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Old 02-26-2009, 05:40 PM   #16
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This was pulled from the "most popular" list on There are many programs that can image or backup your system (without you needing to write the code), here are a few.

Mondo Rescue
Old 08-17-2012, 10:07 AM   #17
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Originally Posted by speck View Post
This was pulled from the "most popular" list on There are many programs that can image or backup your system (without you needing to write the code), here are a few.

Mondo Rescue
... and not forgetting CloneZilla ! ;-)
Old 08-17-2012, 04:12 PM   #18
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OpenSuse has a program to do something similar but a zfs or btrfs filesystem can do that to a point.

From the Opensuse web site.

"Snapper rolls back changes
openSUSE 12.1 is the first Linux distribution taking advantage of the snapshot functionality in the upcoming Linux file system btrfs. These snapshots of the file system are using copy-on-write, making them very space efficient. openSUSE 12.1 debuts Snapper which allows the user to interface with this technology.

The command line and GUI Snapper tools allow users to view older versions of files and revert changes. The unique integration in the zypper package manager of openSUSE allows users to roll back entire upgrades or software installations with the accompanying configuration changes. "
Old 08-17-2012, 08:37 PM   #19
John VV
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Hi ggallozz as jefro stated OpenSUSE dose have this option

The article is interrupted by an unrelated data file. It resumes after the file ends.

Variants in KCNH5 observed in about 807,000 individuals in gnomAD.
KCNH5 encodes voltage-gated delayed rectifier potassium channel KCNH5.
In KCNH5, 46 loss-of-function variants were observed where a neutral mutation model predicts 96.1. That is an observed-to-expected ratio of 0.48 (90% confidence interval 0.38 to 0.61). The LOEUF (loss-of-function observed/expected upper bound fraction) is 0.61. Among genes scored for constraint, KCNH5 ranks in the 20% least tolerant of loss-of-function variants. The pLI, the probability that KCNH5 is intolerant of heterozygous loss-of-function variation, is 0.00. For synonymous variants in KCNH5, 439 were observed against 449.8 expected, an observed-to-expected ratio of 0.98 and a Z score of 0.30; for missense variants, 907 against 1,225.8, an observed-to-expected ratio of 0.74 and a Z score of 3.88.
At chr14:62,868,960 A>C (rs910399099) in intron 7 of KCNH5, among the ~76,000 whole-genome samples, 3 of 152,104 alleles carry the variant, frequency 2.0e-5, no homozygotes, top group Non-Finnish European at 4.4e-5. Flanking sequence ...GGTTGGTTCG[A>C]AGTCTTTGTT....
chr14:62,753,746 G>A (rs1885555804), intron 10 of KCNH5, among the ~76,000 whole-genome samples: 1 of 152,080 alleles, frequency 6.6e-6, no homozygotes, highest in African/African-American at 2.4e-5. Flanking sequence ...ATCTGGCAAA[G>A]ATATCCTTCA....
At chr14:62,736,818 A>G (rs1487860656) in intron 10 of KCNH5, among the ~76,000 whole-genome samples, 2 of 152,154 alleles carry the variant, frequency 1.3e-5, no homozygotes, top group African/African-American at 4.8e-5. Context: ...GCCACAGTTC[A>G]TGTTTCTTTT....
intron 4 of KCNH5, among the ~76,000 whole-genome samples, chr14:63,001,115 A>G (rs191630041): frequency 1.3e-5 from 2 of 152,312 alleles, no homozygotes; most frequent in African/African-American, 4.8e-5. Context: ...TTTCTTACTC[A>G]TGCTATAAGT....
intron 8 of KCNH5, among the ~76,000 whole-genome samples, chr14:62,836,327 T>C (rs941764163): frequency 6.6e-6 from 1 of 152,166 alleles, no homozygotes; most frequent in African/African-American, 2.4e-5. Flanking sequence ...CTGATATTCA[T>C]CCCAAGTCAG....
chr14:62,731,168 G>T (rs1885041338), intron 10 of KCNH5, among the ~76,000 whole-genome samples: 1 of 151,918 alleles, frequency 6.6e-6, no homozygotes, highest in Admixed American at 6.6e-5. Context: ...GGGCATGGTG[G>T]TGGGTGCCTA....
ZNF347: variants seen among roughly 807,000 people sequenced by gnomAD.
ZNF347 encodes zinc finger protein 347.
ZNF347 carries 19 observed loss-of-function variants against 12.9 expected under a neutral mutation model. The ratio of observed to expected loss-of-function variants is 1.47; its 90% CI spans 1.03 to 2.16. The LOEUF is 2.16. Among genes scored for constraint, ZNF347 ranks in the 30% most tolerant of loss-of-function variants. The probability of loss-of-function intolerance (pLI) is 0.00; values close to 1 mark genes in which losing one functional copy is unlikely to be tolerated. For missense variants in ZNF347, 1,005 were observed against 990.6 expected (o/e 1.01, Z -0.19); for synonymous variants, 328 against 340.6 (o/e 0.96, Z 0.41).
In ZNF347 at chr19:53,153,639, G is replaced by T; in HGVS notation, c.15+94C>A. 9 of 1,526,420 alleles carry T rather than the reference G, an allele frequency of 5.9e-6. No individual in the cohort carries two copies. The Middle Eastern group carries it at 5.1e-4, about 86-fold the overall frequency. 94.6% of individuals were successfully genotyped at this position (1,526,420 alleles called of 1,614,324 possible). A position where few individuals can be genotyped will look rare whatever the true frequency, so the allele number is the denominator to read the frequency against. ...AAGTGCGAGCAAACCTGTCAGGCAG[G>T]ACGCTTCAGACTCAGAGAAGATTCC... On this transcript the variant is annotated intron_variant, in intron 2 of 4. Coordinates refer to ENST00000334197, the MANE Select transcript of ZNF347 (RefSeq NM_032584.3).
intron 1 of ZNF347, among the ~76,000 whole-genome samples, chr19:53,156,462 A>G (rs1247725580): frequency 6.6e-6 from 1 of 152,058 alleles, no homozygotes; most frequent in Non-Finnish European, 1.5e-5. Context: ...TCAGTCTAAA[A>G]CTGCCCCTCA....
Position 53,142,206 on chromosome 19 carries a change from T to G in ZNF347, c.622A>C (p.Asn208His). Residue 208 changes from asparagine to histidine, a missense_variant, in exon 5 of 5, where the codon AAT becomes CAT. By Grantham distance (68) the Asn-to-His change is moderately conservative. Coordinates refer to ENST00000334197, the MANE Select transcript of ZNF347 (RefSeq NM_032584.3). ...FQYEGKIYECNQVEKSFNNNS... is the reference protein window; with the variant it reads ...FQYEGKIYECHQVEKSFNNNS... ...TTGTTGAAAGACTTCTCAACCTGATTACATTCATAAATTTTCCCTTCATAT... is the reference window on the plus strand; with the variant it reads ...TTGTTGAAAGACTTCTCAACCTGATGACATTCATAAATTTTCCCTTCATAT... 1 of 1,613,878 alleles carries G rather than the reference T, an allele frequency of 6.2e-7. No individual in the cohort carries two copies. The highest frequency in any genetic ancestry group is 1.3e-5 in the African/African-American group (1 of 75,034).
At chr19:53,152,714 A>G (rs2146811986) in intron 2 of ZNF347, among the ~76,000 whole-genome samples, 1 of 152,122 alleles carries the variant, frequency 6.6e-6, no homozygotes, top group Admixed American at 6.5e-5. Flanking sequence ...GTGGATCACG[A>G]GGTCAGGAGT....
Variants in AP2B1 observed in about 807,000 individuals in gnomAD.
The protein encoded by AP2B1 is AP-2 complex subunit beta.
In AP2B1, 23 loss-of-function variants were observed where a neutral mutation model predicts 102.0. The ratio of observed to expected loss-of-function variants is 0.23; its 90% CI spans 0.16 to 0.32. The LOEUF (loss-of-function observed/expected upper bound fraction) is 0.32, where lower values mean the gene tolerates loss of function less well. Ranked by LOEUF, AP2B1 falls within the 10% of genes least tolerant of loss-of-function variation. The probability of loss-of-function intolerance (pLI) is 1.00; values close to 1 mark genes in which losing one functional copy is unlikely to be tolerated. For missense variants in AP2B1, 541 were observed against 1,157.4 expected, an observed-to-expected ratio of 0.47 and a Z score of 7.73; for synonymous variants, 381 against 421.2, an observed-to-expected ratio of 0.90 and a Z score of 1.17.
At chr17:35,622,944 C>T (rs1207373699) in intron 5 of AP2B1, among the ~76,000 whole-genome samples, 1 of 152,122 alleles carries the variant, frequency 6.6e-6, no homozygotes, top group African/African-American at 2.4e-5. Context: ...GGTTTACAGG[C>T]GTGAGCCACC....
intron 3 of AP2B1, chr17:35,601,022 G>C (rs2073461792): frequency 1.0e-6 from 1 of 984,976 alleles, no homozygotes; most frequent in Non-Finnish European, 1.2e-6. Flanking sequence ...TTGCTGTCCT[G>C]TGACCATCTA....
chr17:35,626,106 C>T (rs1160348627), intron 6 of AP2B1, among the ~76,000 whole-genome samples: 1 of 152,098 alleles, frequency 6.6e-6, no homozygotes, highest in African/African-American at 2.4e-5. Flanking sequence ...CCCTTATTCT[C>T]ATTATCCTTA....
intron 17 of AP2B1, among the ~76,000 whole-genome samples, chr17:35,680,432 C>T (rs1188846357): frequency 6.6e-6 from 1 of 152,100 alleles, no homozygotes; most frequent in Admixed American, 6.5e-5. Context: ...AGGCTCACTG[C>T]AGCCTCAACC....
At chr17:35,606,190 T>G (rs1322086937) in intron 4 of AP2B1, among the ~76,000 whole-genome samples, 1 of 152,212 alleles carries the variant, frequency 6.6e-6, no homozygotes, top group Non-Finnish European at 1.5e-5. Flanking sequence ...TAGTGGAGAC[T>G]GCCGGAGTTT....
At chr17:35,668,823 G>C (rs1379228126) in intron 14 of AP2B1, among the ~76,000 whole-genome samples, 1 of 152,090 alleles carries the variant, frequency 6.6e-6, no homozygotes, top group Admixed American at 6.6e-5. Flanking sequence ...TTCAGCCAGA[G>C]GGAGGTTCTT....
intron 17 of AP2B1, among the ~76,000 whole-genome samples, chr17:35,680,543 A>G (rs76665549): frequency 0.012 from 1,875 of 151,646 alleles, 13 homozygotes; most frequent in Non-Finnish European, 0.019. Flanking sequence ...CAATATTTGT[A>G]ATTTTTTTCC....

Linux IS NOT Microsoft Windows
and DOSE NOT relay on the MS System Registry to HIDE information from the user

undoing something you just did is VERY simple
unless you royally messed something up
something like ??? say this...
su -
yum -y remove glibc 
zypper -n rm glibc
something like that is unrecoverable

99.9999% of he time it is VERY easy to fix a "oops"

Last edited by John VV; 08-17-2012 at 08:41 PM.
Old 08-18-2012, 01:31 AM   #20
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From one newbie to another newbie

No Linux does not have a system restore. I have not been bold enough yet to abandon (please don't be cruel) Windows. I really want to make sure that I have a good grasp on scripting (command line Linux), and other formidable Linux tools.
I personally would find a Linux variety that has more support and has been around longer (like one of the top ten mentioned in DistroWatch Debian, openSUSE, Slackware et cetera). If you intend to just try different things and you have anything worth keeping, put it on a different partition!
Other members have alluded but not really concretely wrote out what this could intail. On installation you can have your home directory on a different partition and / (which is short for the bootable system) on another. Or you could call up cdisk or fdisk and make a partition on the leftover space on your drive.
Then you could copy everything valuable there, or something closer to Windows use tar, or FileRoller.
But my best advise if you are a slow learner like me take your time and study the man(uals and info), and the documentation. They all are easier to find than the same information about Windows. But Linux Questions is also a resource. Hope this helps.
And I still give much respect to the Senior members.

Last edited by BillE; 08-18-2012 at 01:33 AM.
Old 08-18-2012, 02:40 AM   #21
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One thing I'd recommend is partitioning your hard drive so /home has it's own partition. That allows reinstalling while maintaining your personal documents.
Make a backup of your MBR. Also create an "fdisk -l listing and print it out. If the beginning of the drive gets wiped out, knowing where the /home partition starts will allow you to use losetup attach a loop device to it and mount it using a live distro.
Old 08-21-2012, 10:20 AM   #22
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You need to solve the problem. "System restores" don't do any real good even on Windows boxes.


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